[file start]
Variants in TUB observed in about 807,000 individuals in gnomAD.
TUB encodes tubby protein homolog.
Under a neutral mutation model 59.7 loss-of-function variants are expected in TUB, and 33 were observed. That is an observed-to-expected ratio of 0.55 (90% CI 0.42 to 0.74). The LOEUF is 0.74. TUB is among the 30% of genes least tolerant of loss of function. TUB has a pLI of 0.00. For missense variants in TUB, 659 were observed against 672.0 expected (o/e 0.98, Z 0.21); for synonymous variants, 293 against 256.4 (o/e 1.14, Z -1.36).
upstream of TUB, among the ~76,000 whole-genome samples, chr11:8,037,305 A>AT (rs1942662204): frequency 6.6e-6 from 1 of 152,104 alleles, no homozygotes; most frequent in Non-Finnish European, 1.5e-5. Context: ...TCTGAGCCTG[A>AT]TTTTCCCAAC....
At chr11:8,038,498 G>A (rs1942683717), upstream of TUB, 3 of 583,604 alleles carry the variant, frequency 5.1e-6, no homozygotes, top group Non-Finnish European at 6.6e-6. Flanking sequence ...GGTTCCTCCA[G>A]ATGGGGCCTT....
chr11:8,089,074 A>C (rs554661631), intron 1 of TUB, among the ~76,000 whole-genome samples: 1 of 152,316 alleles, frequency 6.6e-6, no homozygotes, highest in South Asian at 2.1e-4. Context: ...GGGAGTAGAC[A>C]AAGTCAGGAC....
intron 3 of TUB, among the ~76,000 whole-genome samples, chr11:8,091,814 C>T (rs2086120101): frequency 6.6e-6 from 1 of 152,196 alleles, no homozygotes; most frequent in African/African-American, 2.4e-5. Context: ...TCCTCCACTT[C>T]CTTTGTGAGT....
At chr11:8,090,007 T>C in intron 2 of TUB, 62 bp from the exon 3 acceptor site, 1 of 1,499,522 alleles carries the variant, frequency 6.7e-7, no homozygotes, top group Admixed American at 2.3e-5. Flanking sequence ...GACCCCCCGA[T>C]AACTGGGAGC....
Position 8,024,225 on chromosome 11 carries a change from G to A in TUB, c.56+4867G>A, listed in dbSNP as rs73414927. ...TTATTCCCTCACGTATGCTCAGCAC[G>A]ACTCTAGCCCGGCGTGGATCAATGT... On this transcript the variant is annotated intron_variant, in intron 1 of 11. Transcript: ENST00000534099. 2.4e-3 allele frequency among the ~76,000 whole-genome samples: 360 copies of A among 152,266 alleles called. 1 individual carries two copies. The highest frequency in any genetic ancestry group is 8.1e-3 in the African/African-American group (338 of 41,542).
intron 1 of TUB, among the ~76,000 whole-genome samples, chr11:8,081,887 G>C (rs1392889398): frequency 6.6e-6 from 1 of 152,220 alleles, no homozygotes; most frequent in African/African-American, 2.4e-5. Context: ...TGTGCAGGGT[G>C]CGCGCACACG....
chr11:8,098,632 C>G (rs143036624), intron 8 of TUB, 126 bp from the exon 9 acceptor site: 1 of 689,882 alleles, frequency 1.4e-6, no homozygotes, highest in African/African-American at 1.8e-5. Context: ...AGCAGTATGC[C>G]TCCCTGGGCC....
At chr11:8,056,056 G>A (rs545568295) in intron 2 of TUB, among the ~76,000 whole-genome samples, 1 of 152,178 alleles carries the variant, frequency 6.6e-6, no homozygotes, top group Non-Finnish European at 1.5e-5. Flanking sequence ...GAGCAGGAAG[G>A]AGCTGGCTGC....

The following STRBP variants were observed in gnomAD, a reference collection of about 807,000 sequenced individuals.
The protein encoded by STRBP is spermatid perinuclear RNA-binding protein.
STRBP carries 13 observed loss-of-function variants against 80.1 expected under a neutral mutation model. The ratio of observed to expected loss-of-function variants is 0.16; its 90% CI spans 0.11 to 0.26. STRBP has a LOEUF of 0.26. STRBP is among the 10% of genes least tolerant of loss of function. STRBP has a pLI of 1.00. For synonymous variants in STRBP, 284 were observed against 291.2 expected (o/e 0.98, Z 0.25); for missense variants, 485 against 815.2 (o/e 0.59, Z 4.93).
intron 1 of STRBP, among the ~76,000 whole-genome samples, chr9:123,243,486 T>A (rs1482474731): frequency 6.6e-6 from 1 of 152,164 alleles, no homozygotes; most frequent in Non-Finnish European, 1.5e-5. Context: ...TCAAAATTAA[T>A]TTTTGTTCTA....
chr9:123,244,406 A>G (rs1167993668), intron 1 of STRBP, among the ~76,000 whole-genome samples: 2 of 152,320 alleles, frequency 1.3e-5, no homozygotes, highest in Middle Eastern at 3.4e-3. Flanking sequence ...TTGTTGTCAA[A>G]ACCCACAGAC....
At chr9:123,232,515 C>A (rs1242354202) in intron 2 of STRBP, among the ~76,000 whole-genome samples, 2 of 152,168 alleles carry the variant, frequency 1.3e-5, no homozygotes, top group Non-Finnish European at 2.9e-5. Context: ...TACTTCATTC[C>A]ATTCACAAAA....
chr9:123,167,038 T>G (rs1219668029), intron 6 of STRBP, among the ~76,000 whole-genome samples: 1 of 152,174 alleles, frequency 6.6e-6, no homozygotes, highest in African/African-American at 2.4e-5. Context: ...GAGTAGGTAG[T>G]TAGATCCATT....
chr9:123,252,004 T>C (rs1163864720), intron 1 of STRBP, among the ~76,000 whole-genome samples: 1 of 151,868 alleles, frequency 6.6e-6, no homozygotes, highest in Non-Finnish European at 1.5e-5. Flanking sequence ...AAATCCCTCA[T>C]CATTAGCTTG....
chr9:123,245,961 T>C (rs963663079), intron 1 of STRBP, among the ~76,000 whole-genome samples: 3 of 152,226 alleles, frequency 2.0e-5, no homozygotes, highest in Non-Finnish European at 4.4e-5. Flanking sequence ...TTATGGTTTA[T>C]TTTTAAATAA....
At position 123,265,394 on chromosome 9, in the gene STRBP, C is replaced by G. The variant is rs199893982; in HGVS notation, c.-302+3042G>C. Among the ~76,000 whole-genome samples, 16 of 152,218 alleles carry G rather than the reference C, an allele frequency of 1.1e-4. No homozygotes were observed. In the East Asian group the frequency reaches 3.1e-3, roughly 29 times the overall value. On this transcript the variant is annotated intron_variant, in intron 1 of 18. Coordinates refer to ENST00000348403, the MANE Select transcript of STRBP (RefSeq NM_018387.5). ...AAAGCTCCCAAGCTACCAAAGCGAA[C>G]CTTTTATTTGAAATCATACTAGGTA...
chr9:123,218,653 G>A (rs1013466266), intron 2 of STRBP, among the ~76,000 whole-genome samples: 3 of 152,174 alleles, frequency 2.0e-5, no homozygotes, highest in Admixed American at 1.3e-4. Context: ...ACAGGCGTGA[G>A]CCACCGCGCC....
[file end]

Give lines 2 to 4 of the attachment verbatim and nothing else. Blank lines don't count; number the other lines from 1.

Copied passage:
TUB encodes tubby protein homolog.
Under a neutral mutation model 59.7 loss-of-function variants are expected in TUB, and 33 were observed. That is an observed-to-expected ratio of 0.55 (90% CI 0.42 to 0.74). The LOEUF is 0.74. TUB is among the 30% of genes least tolerant of loss of function. TUB has a pLI of 0.00. For missense variants in TUB, 659 were observed against 672.0 expected (o/e 0.98, Z 0.21); for synonymous variants, 293 against 256.4 (o/e 1.14, Z -1.36).
upstream of TUB, among the ~76,000 whole-genome samples, chr11:8,037,305 A>AT (rs1942662204): frequency 6.6e-6 from 1 of 152,104 alleles, no homozygotes; most frequent in Non-Finnish European, 1.5e-5. Context: ...TCTGAGCCTG[A>AT]TTTTCCCAAC....